Tag Archives: diarrhea

What Does Your Dog’s Poop Mean?


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It may be a gross topic, but let’s face it – if you’re a responsible dog owner, you’re picking up your dog’s poop multiple times a day. So, you might as well know what to look for to determine whether your dog’s poop is normal or problematic. We’ve broken down the do-do, so you don’t have to. Here’s the “scoop” so you can learn more about your dog’s health and well-being.

First, let’s define what normal dog poop looks like. Although varying from dog to dog and breed to breed, typical dog poop should be basically brown in color, neither too soft (diarrhea) nor too hard to pass (constipation). Use your dog’s healthy poop (color, frequency and consistency) as a baseline to compare when he is not feeling well so you’re aware when there’s an issue.

Diarrhea
Poop of a liquid consistency or that looks like “cow patty” or “soft serve” is typically not a cause for concern. If it improves within 24-48 hours, no action is needed. A wait and see approach is advised, and if the dog is acting normally (eating well, not vomiting and displaying a happy demeanor), there is usually no need to seek medical attention.

Black or Very Dark Poop
This may require an urgent trip to the vet as black or tarry consistency can indicate a gastrointestinal ulcer or bleeding high in the GI tract. A bleeding ulcer can oftentimes be caused by human medications with aspirin, steroids or NSAIDs, so be careful of ever giving to your dog without consulting your vet. Other generalized bleeding can be from rat poison, heat stroke or immune-mediated disease. Blood work and/or an ultrasound are typically recommended to get a full look at the intestinal tract.

Red Poop
The red color could indicate bleeding within the GI tract. Streaks of blood can indicate colitis (inflammation of the colon), rectal injury, anal gland infection or even a tumor. Less worrisome may be slight reddish color in an otherwise normal stool, which is typically indicative of inflammation in the large intestine. Regardless, you’ll want to monitor your dog closely for any further changes in stool and also behavior.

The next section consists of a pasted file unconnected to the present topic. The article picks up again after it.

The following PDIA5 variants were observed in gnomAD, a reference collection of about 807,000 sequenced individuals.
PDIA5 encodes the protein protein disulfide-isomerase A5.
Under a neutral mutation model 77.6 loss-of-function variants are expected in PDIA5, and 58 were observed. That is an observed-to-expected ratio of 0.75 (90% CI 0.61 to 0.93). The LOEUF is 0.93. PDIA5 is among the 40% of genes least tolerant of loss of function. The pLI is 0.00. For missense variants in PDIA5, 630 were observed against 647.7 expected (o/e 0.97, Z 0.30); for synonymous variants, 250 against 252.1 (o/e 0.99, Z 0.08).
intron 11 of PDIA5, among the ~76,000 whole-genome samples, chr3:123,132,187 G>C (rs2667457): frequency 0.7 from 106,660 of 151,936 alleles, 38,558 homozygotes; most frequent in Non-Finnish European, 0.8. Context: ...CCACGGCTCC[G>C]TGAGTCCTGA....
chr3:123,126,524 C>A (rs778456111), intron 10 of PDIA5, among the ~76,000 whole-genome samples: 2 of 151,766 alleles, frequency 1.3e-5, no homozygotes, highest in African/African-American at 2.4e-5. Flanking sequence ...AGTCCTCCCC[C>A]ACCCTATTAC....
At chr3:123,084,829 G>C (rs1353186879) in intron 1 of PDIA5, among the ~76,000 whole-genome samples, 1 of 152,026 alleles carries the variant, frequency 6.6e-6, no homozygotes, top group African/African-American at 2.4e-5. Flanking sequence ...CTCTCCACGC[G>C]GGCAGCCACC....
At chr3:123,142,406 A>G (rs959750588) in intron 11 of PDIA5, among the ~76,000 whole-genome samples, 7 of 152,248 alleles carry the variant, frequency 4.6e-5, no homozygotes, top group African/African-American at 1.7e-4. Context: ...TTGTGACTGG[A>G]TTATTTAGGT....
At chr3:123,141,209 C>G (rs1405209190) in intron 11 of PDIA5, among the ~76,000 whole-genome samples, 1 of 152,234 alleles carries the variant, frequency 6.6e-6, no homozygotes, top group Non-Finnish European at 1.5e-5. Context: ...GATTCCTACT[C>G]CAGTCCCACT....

Pink or Purple Poop or Large Volume of Diarrhea
Hemorrhagic Gastroenteritis (HGE) can be a common cause of pink or purple poop (often described as looking like raspberry jam), or a cause of a large amount of watery or bloody poop, especially in smaller dogs. While most will recover with treatment, seek veterinary attention immediately as this condition can be fatal if left untreated.

Grey or Greasy Poop
Poop that appears fatty or glistens could indicate a condition called Exocrine Pancreatic Insufficiency (EPI), which occurs when the pancreas does not produce necessary enzymes to digest fat. Commonly referred to as maldigestion, EPI is treatable. German Shepherds and Rough-Coated Collies are often afflicted with EPI.

Green Poop
Check with your vet immediately, as green poop can indicate a variety of issues from as mild as eating a lot of grass to as serious as swallowing rat bait poison or ingesting a dangerous parasite. Exposure to rodenticides is certainly dangerous, so let your vet know if that may be the case.

Orange or Pasty, Light Poop
Often indicative of a liver issue or biliary disease, orange poop warrants a call to your vet. Hopefully from professional evaluation, it’s determined that the orange color is simply from the poop moving too quickly through the GI tract to pick up bile, which makes poop its normal brown color.

Yellow Poop
If you’ve recently changed your dog’s diet, yellow mucus in poop usually means a food intolerance or allergy, causing an upset stomach. Isolate the suspected ingredient(s) and remove from future diet.

White Flakes or Specks in Poop